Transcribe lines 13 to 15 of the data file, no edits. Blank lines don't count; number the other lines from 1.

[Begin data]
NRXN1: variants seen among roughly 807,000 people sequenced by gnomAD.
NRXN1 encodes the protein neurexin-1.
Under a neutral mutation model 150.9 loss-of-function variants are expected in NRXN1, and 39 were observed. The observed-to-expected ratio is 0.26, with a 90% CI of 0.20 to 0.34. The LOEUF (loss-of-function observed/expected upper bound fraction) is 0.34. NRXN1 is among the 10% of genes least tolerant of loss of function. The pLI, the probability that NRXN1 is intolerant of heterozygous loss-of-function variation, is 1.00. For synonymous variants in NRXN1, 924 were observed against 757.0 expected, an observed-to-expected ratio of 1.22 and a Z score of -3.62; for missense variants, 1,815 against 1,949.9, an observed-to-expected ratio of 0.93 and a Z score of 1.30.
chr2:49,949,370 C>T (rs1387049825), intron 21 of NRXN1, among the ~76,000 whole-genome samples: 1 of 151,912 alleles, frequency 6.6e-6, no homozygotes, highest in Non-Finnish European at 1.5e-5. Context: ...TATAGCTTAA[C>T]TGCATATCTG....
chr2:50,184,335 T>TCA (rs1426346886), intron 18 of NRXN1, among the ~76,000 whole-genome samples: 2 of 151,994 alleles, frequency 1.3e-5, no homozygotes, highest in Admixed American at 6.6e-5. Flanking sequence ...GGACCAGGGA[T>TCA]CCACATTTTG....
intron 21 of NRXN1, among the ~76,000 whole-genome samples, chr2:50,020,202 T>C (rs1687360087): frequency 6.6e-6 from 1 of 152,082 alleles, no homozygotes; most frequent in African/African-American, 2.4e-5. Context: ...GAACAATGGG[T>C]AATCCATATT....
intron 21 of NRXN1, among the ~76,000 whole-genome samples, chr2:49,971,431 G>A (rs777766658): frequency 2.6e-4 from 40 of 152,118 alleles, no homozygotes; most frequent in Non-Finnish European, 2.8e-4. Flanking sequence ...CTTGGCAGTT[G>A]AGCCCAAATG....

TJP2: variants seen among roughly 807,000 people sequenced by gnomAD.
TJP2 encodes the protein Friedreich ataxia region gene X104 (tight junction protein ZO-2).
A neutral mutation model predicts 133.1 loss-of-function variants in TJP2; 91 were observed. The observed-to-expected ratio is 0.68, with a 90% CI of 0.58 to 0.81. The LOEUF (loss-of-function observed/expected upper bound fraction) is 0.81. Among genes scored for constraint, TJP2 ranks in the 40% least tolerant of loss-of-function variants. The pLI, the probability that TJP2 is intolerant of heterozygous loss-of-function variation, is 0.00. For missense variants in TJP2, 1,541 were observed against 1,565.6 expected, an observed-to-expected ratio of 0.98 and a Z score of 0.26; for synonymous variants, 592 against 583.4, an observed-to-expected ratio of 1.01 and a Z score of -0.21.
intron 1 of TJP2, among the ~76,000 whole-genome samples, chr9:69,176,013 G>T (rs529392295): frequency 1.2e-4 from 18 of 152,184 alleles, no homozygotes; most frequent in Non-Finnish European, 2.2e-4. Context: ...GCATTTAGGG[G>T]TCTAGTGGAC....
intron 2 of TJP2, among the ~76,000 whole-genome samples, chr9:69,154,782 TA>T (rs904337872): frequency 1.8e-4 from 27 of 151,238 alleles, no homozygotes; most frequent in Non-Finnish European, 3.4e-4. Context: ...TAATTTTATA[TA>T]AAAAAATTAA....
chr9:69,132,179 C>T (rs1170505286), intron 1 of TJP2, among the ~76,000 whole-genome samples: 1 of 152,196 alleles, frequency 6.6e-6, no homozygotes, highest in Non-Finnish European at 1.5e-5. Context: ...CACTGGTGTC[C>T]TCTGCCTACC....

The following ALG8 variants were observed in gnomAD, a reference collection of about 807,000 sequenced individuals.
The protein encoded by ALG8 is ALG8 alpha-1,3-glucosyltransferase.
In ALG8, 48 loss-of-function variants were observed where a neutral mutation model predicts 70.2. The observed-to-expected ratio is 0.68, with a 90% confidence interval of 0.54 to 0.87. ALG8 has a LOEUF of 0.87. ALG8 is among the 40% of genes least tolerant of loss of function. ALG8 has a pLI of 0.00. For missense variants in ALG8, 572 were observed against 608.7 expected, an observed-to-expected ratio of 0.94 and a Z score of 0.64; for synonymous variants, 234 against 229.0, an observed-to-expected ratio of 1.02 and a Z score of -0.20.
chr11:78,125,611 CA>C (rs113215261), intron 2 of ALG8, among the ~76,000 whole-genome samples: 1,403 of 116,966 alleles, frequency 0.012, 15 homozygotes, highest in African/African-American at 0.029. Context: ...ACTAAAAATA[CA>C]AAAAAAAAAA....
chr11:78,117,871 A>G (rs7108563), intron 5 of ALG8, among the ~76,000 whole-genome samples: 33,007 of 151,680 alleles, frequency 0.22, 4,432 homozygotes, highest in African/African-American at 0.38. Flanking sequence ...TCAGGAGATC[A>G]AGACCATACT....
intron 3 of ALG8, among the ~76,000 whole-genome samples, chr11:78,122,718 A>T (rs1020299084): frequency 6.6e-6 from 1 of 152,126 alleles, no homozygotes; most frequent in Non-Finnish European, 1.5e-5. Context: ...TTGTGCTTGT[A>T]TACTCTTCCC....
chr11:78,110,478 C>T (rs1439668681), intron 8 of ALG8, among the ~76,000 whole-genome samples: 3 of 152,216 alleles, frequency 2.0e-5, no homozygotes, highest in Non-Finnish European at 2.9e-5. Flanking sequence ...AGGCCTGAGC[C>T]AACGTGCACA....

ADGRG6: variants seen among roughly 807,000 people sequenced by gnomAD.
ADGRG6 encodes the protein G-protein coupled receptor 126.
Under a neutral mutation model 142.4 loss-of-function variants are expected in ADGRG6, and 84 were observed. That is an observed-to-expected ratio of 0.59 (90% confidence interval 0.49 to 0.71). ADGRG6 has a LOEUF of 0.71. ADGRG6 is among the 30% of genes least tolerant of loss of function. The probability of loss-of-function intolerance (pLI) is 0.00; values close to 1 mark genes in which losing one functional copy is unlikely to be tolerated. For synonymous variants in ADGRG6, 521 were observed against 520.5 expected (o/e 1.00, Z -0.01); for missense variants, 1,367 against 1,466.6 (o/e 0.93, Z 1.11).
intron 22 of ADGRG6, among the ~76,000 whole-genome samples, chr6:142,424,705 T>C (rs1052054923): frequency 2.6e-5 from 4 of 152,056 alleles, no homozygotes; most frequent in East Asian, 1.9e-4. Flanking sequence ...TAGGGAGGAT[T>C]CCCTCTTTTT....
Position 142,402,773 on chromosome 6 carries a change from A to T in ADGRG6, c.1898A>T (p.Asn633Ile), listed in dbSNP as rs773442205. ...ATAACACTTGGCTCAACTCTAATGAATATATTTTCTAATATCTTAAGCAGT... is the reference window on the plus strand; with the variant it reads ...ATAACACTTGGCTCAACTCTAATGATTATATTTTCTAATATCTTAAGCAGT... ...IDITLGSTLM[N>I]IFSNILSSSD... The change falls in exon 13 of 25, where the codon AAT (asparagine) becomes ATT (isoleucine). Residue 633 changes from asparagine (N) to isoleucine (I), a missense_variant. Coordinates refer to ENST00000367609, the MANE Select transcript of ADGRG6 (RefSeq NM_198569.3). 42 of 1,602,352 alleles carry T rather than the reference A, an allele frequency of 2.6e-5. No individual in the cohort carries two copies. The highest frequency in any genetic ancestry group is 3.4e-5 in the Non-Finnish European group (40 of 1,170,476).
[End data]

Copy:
chr9:69,132,179 C>T (rs1170505286), intron 1 of TJP2, among the ~76,000 whole-genome samples: 1 of 152,196 alleles, frequency 6.6e-6, no homozygotes, highest in Non-Finnish European at 1.5e-5. Context: ...CACTGGTGTC[C>T]TCTGCCTACC....

The following ALG8 variants were observed in gnomAD, a reference collection of about 807,000 sequenced individuals.
The protein encoded by ALG8 is ALG8 alpha-1,3-glucosyltransferase.